Doe's the comp.you bid on tell you where you were in the biding. I just lost a nice one and thought that I was really cheap,not trying to lowball, but after the bid went in I saw that I screwed up.....And lost it anyway, go figure.I wanted to ask where I was but did not know how to or even if it were ok to ask. What do guys think on that. Can and do you ask about where you are/were on bids?
    Would really like to know. Thanks, Jay
     
  8. Precision

    Precision LawnSite Silver Member
    Posts: 2,995


    You can always ask. the worst they can say is no and you didn't win anyway, so you have a whole year before rebids.
     
  9. topsites

    topsites LawnSite Fanatic
    Posts: 21,654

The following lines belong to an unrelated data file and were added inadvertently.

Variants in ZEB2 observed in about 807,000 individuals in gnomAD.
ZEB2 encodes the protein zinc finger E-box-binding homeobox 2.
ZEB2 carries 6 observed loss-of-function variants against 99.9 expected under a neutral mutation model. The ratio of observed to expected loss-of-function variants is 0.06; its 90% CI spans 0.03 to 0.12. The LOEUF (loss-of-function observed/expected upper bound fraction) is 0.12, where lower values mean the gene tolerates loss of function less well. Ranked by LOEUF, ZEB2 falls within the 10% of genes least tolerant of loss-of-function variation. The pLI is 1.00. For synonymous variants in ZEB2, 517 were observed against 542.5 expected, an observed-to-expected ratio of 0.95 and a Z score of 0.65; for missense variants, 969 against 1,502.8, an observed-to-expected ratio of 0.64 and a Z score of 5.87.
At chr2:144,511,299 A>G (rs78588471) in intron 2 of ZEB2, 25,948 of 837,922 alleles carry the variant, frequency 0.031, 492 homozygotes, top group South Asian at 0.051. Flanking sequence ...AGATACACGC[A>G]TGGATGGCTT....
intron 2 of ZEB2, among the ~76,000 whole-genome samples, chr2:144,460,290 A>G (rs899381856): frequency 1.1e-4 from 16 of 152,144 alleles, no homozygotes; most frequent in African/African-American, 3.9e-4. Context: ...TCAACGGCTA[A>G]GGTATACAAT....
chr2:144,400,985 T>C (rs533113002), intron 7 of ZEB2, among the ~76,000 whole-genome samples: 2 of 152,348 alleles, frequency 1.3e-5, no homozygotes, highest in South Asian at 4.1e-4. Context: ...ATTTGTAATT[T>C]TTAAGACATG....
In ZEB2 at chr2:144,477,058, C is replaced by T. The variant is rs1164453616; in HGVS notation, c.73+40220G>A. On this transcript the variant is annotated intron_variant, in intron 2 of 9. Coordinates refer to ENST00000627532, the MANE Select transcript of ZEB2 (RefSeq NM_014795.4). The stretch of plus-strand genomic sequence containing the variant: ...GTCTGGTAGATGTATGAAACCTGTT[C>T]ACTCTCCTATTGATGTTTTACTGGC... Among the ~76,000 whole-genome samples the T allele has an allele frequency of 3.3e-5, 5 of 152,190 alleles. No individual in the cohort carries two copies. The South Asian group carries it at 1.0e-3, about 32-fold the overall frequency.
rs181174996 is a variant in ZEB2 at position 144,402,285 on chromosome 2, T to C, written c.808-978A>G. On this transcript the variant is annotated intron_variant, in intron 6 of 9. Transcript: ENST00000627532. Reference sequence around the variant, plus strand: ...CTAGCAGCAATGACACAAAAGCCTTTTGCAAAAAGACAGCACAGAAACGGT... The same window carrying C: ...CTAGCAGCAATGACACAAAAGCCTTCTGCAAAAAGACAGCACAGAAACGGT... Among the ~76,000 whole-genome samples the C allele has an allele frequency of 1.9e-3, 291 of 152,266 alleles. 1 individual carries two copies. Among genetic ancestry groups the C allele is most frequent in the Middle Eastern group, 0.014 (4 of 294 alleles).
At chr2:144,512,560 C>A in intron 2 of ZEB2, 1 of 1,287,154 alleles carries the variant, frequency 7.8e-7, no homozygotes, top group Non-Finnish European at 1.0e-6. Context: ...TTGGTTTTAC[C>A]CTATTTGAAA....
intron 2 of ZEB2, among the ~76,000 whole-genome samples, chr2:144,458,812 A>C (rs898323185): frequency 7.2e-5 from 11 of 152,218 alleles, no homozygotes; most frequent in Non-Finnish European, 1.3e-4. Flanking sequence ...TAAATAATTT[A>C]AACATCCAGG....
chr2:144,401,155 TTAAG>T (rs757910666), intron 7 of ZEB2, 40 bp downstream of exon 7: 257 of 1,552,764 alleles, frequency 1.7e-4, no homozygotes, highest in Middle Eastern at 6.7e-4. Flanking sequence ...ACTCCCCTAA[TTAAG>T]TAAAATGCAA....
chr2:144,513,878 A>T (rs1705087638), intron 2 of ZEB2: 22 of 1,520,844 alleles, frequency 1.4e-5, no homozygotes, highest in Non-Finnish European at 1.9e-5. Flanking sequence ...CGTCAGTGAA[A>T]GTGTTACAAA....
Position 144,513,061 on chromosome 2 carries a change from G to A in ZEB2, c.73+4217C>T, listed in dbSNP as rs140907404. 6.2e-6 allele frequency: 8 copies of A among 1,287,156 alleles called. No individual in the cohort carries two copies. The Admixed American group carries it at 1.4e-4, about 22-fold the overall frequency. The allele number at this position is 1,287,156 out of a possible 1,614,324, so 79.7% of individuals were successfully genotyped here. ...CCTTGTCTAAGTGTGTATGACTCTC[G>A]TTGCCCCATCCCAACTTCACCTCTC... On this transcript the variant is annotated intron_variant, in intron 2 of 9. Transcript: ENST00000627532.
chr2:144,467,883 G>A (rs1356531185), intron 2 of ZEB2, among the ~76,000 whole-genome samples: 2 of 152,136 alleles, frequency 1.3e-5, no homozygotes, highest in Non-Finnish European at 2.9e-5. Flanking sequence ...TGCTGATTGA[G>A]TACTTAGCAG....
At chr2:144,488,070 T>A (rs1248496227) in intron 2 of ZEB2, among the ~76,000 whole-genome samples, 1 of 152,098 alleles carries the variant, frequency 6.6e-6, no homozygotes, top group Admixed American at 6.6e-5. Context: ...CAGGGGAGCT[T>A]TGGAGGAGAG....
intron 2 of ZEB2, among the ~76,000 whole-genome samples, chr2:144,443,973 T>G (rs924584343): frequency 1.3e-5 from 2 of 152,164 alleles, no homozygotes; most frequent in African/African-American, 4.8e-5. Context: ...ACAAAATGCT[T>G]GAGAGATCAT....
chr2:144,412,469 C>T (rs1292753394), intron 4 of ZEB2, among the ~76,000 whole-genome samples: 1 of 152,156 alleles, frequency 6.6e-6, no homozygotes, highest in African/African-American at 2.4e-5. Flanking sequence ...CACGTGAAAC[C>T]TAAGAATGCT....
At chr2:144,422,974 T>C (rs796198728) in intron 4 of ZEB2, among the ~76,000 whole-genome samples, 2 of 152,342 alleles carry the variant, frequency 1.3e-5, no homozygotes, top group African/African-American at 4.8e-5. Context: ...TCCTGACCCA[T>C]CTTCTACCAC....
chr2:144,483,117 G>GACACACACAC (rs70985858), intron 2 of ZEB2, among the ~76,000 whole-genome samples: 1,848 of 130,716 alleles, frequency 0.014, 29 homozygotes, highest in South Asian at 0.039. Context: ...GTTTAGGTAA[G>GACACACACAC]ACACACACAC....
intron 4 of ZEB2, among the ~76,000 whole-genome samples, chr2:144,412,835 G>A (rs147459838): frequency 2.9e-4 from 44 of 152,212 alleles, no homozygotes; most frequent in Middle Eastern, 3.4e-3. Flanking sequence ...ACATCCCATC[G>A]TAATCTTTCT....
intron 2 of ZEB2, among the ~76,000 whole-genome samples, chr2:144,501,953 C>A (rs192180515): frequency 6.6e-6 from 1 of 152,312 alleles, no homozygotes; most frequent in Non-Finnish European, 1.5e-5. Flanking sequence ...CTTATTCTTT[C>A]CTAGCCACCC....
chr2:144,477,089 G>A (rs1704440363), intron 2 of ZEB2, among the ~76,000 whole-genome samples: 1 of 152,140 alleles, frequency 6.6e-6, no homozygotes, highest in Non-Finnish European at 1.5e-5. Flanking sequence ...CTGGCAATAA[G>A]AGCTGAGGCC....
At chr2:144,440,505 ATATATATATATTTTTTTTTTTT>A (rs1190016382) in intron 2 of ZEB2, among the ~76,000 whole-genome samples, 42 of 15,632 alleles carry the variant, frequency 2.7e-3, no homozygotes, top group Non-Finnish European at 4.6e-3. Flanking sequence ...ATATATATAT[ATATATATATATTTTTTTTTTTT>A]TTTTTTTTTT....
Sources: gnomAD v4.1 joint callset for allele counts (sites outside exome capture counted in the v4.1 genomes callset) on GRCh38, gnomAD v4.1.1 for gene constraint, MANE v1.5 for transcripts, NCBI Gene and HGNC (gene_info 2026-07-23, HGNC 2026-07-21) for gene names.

I don't know if my answer is going to help, but I took on what was the rough equivalent of 1/2 acre of turf some time ago, maybe it was 3/4's but it really wasn't more than an acre of actual turf I am sure, commercial...

    There were so many islands and curbs to mount / unmount and linetrim that it took a ton more time a residential 1/2 acre lot would. It was also sprawled out over about 4-8 acres of land, not quite the same as yours but on a scale probably so, and those curbs were just murder, they literally wore me out every visit, it took 3-4 hours by myself.

    It might've been ok if I had employees, I can justify sending out the guys at $30 pmh but my own rate is closer to $60 pmh and I was lucky to squeak out of there with $40... It got to where it would take several hours between the time I woke up and the moment I could convince myself to go do it.